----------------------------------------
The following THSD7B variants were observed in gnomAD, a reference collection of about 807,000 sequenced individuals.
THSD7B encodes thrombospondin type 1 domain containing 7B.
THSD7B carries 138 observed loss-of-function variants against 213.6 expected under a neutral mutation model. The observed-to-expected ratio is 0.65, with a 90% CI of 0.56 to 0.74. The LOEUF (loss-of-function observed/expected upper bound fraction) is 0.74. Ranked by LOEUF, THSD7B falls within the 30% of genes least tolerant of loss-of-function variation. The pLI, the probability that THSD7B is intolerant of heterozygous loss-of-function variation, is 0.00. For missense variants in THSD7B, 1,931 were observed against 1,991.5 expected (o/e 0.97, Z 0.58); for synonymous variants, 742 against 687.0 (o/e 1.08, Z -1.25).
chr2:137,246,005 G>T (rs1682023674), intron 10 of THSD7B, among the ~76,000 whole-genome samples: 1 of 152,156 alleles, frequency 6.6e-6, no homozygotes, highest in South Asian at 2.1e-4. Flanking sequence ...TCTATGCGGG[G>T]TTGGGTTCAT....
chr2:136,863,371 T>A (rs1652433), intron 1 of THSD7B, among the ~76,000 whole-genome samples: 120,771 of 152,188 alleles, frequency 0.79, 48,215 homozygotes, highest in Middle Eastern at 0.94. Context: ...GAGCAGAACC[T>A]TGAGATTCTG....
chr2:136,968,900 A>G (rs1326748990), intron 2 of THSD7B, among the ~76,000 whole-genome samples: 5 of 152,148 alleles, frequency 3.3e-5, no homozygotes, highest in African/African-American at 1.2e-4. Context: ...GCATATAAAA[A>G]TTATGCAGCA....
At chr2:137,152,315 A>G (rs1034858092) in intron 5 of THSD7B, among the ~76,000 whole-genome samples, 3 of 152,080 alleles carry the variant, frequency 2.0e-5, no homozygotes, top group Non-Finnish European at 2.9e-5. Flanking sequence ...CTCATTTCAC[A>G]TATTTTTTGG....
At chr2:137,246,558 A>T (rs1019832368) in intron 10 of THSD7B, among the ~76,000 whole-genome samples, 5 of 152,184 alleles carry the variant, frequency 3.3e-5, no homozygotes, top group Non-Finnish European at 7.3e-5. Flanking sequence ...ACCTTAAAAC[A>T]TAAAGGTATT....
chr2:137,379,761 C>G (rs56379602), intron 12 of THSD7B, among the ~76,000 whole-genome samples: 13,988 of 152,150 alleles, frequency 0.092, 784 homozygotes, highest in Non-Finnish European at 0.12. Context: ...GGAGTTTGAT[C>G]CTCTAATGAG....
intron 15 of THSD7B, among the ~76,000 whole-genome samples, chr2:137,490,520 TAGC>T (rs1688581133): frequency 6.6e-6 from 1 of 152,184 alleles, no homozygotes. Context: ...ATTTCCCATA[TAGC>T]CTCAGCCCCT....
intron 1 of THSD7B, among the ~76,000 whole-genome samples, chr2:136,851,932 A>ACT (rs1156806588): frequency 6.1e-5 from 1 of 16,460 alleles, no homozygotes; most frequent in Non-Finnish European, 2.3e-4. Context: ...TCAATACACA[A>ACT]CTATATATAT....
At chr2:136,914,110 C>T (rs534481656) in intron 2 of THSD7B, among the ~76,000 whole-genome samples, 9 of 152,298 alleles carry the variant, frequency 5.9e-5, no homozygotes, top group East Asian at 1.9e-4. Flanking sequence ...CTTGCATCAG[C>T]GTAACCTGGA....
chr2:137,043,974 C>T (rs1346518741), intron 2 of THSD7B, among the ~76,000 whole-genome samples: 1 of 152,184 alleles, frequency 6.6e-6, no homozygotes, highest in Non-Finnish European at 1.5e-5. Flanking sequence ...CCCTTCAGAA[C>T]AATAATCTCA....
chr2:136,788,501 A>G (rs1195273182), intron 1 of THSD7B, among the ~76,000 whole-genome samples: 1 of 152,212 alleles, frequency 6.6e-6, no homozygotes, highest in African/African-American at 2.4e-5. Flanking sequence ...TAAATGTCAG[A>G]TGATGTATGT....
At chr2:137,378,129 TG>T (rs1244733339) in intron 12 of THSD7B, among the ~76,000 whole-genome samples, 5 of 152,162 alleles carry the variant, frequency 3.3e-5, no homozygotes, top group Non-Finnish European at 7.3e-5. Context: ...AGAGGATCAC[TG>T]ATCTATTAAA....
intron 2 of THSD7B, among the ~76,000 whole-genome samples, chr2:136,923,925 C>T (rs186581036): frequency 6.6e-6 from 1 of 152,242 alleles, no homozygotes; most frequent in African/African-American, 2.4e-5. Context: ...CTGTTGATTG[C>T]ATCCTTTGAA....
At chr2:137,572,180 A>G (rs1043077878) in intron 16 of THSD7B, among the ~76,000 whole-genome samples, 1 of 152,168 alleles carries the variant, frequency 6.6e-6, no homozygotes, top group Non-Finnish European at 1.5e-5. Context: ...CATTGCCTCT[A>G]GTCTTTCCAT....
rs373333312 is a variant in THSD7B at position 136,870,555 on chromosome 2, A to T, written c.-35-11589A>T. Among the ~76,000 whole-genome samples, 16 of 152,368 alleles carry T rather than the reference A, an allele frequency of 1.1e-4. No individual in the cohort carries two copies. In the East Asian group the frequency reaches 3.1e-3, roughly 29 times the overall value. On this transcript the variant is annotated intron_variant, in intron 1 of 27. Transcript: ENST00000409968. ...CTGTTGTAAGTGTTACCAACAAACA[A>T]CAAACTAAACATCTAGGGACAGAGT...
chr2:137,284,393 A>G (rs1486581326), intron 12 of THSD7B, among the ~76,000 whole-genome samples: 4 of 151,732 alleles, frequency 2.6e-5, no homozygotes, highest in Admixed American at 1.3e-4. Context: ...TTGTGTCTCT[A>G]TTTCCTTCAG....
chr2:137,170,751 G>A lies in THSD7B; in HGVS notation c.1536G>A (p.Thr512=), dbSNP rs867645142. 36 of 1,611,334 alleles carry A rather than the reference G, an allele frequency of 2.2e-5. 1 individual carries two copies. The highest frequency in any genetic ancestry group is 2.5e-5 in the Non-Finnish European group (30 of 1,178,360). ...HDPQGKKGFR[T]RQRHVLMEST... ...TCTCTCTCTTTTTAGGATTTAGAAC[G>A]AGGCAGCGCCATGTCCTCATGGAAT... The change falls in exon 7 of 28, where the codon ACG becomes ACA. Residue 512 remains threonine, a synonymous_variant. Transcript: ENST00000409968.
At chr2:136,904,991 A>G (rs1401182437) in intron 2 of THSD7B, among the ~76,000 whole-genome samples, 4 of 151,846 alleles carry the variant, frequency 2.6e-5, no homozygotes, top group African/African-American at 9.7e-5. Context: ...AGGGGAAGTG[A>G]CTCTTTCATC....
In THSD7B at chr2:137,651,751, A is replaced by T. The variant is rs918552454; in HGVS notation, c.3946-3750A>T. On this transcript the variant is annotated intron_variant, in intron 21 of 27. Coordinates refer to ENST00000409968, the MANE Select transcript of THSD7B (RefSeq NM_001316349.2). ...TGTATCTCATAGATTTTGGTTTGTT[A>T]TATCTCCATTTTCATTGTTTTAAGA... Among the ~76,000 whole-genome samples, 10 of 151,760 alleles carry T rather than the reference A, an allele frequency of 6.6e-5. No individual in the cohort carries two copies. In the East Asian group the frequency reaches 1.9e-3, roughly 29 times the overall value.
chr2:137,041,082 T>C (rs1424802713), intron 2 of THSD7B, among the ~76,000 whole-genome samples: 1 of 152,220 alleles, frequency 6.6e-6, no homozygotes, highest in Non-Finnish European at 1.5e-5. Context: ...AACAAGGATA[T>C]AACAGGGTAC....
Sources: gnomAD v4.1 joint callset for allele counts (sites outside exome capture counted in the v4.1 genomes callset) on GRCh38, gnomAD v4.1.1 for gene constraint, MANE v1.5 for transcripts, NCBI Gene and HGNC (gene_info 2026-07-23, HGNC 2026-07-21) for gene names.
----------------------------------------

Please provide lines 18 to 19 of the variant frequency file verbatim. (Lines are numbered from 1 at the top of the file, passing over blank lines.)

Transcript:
rs373333312 is a variant in THSD7B at position 136,870,555 on chromosome 2, A to T, written c.-35-11589A>T. Among the ~76,000 whole-genome samples, 16 of 152,368 alleles carry T rather than the reference A, an allele frequency of 1.1e-4. No individual in the cohort carries two copies. In the East Asian group the frequency reaches 3.1e-3, roughly 29 times the overall value. On this transcript the variant is annotated intron_variant, in intron 1 of 27. Transcript: ENST00000409968. ...CTGTTGTAAGTGTTACCAACAAACA[A>T]CAAACTAAACATCTAGGGACAGAGT...
chr2:137,284,393 A>G (rs1486581326), intron 12 of THSD7B, among the ~76,000 whole-genome samples: 4 of 151,732 alleles, frequency 2.6e-5, no homozygotes, highest in Admixed American at 1.3e-4. Context: ...TTGTGTCTCT[A>G]TTTCCTTCAG....